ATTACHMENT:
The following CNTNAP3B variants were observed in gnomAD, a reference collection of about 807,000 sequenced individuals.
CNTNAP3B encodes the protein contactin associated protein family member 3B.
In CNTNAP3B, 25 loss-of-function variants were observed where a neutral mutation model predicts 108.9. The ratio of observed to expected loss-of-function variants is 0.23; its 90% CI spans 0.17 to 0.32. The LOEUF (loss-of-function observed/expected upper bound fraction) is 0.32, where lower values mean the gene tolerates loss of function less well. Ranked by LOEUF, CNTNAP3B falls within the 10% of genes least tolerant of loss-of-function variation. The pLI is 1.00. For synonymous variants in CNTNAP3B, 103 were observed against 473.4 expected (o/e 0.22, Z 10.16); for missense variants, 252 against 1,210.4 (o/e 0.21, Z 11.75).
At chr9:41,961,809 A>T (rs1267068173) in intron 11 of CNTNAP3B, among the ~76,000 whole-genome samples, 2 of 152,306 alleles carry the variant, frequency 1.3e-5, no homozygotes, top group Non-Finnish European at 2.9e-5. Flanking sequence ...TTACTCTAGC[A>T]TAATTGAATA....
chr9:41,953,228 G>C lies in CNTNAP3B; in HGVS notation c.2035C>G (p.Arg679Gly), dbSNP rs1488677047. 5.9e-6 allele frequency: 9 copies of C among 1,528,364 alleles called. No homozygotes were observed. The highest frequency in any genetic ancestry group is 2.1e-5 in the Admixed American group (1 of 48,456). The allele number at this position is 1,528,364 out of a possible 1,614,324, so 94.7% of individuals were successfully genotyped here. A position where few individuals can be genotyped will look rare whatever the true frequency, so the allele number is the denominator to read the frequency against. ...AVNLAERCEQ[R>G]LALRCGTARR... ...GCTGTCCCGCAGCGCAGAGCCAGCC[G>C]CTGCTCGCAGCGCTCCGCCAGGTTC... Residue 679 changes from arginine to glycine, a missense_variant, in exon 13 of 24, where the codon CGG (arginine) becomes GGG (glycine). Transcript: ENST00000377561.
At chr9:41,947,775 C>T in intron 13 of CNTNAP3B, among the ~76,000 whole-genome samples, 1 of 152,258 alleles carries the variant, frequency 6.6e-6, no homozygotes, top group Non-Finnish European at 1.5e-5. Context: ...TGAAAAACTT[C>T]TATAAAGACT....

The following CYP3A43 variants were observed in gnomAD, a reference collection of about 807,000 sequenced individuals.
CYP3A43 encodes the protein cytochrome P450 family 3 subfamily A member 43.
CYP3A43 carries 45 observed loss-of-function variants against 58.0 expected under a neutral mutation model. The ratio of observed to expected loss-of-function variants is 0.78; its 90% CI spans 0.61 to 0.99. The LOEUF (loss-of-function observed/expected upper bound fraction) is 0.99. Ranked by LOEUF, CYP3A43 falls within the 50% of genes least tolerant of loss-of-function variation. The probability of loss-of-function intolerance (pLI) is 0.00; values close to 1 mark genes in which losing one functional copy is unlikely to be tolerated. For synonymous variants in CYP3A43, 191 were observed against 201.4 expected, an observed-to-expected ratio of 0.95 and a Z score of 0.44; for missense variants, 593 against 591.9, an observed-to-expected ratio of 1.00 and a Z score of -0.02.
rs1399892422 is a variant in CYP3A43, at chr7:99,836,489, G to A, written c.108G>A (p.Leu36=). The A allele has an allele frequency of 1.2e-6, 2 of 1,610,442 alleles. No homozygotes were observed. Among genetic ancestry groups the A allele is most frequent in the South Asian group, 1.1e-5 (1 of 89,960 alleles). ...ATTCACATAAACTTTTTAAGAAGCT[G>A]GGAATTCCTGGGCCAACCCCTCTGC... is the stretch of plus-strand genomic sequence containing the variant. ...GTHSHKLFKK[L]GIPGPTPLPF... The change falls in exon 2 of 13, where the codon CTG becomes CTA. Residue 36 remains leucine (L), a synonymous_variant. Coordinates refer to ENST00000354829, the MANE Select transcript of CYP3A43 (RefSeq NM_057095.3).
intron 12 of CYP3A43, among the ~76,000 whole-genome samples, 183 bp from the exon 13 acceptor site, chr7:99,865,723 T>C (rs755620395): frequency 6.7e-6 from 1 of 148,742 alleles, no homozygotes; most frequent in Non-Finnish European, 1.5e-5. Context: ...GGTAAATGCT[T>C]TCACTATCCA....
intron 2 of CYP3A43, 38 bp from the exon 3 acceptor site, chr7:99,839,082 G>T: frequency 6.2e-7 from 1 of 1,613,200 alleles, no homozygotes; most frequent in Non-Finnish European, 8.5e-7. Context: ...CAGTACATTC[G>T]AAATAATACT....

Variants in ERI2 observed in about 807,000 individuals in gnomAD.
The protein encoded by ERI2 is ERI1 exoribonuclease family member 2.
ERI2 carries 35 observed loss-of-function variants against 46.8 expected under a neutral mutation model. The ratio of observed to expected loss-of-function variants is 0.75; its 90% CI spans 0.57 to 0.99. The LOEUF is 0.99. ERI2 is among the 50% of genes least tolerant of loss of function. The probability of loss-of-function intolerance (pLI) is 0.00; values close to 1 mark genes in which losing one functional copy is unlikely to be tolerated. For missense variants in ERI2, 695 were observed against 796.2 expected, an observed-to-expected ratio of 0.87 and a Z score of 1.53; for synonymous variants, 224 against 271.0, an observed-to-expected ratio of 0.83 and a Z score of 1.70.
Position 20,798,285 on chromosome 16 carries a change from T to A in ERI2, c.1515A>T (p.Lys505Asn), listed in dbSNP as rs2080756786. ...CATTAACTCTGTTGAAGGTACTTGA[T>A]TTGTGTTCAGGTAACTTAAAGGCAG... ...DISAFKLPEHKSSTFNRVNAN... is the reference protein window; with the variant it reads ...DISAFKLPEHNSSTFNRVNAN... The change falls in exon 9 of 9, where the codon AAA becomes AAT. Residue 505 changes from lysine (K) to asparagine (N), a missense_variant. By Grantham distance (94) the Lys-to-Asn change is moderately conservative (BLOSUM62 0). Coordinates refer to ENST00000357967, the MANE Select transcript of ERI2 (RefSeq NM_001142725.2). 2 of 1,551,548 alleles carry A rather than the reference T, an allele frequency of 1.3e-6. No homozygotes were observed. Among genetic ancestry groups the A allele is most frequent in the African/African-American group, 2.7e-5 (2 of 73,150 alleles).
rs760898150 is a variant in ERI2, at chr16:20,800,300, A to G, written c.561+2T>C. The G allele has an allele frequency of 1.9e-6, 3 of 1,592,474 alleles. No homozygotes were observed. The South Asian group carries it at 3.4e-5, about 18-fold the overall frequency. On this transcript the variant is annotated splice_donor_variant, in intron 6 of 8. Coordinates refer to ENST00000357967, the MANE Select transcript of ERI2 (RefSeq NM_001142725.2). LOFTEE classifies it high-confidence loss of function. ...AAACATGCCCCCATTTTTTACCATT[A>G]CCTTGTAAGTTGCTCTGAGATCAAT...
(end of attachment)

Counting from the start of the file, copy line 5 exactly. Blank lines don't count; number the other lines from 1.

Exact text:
chr9:41,953,228 G>C lies in CNTNAP3B; in HGVS notation c.2035C>G (p.Arg679Gly), dbSNP rs1488677047. 5.9e-6 allele frequency: 9 copies of C among 1,528,364 alleles called. No homozygotes were observed. The highest frequency in any genetic ancestry group is 2.1e-5 in the Admixed American group (1 of 48,456). The allele number at this position is 1,528,364 out of a possible 1,614,324, so 94.7% of individuals were successfully genotyped here. A position where few individuals can be genotyped will look rare whatever the true frequency, so the allele number is the denominator to read the frequency against. ...AVNLAERCEQ[R>G]LALRCGTARR... ...GCTGTCCCGCAGCGCAGAGCCAGCC[G>C]CTGCTCGCAGCGCTCCGCCAGGTTC... Residue 679 changes from arginine to glycine, a missense_variant, in exon 13 of 24, where the codon CGG (arginine) becomes GGG (glycine). Transcript: ENST00000377561.